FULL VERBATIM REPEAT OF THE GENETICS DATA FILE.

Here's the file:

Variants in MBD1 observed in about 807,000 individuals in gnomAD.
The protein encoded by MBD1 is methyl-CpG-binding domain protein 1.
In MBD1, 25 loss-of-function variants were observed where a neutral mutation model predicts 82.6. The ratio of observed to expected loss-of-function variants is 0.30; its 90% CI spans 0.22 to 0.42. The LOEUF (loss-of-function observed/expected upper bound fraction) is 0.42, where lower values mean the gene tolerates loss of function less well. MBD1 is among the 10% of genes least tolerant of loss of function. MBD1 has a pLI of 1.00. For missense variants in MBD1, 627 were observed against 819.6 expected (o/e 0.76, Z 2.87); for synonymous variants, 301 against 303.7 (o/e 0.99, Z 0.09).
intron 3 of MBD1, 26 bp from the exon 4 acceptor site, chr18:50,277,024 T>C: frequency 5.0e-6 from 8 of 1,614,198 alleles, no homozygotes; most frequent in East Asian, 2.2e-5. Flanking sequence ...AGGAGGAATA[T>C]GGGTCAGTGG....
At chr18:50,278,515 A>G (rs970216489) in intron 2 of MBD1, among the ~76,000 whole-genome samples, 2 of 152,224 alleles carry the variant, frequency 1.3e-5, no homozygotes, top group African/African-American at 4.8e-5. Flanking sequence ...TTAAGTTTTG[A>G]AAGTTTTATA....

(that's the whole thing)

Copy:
Variants in MBD1 observed in about 807,000 individuals in gnomAD.
The protein encoded by MBD1 is methyl-CpG-binding domain protein 1.
In MBD1, 25 loss-of-function variants were observed where a neutral mutation model predicts 82.6. The ratio of observed to expected loss-of-function variants is 0.30; its 90% CI spans 0.22 to 0.42. The LOEUF (loss-of-function observed/expected upper bound fraction) is 0.42, where lower values mean the gene tolerates loss of function less well. MBD1 is among the 10% of genes least tolerant of loss of function. MBD1 has a pLI of 1.00. For missense variants in MBD1, 627 were observed against 819.6 expected (o/e 0.76, Z 2.87); for synonymous variants, 301 against 303.7 (o/e 0.99, Z 0.09).
intron 3 of MBD1, 26 bp from the exon 4 acceptor site, chr18:50,277,024 T>C: frequency 5.0e-6 from 8 of 1,614,198 alleles, no homozygotes; most frequent in East Asian, 2.2e-5. Flanking sequence ...AGGAGGAATA[T>C]GGGTCAGTGG....
At chr18:50,278,515 A>G (rs970216489) in intron 2 of MBD1, among the ~76,000 whole-genome samples, 2 of 152,224 alleles carry the variant, frequency 1.3e-5, no homozygotes, top group African/African-American at 4.8e-5. Flanking sequence ...TTAAGTTTTG[A>G]AAGTTTTATA....